COVID-19 Legal Resources

Browse our resources for maintaining and operating your small business during COVID-19.

Small Business Pandemic Toolkit

  • Fundamentally, know your rights under the current situation: in New York, an Executive Order has been issued that prevents evictions of residential and commercial tennants and also prohibits the foreclosure of any residential or commercial property during the current state of emergency. State legislators are proposing to extend this prohibition for six months beyond the end of this crisis.
  • Be polite and be transparent with your current situation when discussing options such as reduced or delayed rent payments. Treat your landlord as a long-term partner and approach them in a way that allows them to see where you’re coming from and that you’re not just trying to benefit off of them. Given current uncertainty, landlords will likely do what they can to keep current tenants in place to maintain their own cash flows.
  • Leverage your track record, especially if you’re a tenant in good standing and have always paid your rent on time. A temporary reduction in rent may be more financially beneficial to the landlord than risking a vacancy for an uncertain amount of time or renting at a lower price to a new tenant.
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  • Many lenders are now offering opportunities to change or temporarily suspend your payment plan. Reach out to your lenders, creditors, or loan servicers to discuss your business situation and to understand what options are available to you and your business specifically.
  • Ask if they will accept delayed or deferred payments, extend payment due dates or otherwise adjust the terms of existing loans that would avoid delinquencies and negative credit agency reporting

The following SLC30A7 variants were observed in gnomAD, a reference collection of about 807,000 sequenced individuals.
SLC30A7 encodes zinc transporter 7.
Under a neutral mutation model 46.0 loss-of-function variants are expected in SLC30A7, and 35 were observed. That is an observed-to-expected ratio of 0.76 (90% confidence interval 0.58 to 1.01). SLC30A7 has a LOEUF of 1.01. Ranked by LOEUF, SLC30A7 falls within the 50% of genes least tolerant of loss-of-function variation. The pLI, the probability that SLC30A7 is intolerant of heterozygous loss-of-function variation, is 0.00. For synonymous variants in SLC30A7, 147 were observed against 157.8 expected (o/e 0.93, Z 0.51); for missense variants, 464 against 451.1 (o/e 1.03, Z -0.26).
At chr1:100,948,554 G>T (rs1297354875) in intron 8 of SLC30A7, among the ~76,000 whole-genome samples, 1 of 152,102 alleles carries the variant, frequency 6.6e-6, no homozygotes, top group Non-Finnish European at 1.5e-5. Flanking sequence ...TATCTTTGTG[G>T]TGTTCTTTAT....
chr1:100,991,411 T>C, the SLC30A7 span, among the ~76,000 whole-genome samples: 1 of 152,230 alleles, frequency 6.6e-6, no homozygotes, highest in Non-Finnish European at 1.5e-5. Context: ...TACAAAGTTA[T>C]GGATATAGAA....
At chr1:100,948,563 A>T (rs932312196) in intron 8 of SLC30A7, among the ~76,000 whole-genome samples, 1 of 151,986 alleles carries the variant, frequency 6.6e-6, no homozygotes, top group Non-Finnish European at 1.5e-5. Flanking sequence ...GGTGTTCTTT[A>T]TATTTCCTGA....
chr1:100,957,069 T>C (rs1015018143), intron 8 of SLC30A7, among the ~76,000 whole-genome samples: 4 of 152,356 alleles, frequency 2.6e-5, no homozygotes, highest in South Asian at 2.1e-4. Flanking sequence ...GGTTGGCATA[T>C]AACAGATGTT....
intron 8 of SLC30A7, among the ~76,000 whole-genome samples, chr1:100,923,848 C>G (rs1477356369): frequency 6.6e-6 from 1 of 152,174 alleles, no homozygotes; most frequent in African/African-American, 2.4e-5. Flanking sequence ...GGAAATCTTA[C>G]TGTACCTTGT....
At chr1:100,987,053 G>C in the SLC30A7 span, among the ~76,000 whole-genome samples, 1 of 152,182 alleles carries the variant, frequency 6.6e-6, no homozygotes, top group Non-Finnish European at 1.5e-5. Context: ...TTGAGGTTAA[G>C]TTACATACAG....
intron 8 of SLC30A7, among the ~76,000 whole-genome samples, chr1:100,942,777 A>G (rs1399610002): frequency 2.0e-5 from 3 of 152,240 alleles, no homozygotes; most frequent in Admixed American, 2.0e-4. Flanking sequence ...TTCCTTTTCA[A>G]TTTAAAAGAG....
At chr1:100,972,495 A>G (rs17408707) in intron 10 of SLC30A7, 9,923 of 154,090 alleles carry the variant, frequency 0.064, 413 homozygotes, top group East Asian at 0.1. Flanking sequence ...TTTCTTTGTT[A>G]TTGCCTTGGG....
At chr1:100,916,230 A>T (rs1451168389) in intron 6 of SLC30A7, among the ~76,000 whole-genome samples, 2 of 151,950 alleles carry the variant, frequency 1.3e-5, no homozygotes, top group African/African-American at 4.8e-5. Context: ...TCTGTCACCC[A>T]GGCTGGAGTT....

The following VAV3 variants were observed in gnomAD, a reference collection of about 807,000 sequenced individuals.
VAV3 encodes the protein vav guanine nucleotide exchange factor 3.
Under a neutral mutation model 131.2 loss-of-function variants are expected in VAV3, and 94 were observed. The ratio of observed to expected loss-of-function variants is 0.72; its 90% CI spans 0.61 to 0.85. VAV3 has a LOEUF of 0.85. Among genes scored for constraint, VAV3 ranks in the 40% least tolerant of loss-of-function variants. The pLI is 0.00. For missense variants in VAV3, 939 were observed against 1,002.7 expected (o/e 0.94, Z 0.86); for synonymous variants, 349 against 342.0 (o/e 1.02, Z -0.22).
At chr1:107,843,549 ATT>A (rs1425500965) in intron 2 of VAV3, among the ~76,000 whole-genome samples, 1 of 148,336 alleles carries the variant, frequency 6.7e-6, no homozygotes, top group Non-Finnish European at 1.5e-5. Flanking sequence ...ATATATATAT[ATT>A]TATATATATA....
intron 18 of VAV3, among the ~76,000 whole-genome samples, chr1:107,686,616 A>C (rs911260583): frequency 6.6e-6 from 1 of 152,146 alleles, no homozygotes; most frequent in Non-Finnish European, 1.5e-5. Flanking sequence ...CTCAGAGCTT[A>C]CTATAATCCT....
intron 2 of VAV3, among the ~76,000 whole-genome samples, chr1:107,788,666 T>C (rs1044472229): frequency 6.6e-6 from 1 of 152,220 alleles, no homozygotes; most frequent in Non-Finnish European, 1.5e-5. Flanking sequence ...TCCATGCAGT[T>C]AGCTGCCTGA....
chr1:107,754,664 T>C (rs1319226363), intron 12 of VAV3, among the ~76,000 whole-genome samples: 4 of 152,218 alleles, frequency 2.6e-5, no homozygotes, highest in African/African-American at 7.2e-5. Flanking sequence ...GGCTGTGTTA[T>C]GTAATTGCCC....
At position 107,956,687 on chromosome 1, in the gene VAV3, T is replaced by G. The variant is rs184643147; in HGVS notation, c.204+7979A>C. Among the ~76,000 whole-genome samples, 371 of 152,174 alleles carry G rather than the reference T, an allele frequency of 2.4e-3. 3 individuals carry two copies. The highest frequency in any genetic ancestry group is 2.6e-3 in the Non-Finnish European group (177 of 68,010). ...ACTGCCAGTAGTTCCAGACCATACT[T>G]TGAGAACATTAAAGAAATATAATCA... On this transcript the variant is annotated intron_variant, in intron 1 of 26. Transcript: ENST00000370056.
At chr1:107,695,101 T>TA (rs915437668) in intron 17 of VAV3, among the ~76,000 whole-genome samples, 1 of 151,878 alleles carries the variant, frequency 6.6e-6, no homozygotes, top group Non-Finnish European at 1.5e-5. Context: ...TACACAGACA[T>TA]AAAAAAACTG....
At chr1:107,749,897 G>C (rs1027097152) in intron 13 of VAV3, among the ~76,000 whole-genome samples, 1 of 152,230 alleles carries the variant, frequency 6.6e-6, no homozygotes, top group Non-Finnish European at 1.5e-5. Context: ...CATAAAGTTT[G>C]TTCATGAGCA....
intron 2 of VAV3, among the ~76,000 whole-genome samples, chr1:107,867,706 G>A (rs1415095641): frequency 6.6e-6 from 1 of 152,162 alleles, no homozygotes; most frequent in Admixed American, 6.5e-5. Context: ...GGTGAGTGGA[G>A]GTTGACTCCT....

• Discuss whether they will waive overdraft fees or late fees for loan balances.
  • Ask lenders to consider easing credit terms for new loans.
  • While cash in the short term may be an immediate concern, do not lose sight of your long-term financial goals and stability. Discuss not only your short term needs, but also reiterate your longterm financial goals and your commitment to working with your lenders to maintain long-term financial health and stability for your business.
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  • Communicate with your vendors about how much stock they have available and any terms they are willing to offer.
  • Ask if they will accept delayed, reducted, or staggered payment plans.
  • Talk about options for delaying/freezing shipments or reducing the amount in each shipment
  • Be flexible and work with vendors and suppliers to explore alternative sourcing options as current supply chains may be distrupted
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  • Reassure customers by highlighting the health and safety precautions you are taking in manufacturing and preparing your products. 
  • For customers who make payments on accounts, ask if they can make payments more quickly •
  • Review your contracts carefully and be sure you understand your obligations. Consult an attorney if you need assistance. Once you fully understand your obligations, communicate clearly and promptly with your customer about causes in delays, shortages of products, and any contingency plans you are able to offer. Work with your customer to discuss options for extensions or adjustments in the terms of your contract. 
  • Consider using community fundraising options like GoFundMe to support your employees and your business during this time.
  • Utilize social media and email to reach out to customers and your community to highlight the services that you are still offering and to connect with and gather support from your community.
  • Check in with your customers and connect with them on a human level – Offer your customers support and reassurance that you are available for them and are actively monitoring the current situation. This may be a good opportunity to reinforce your brand and messaging with customers.
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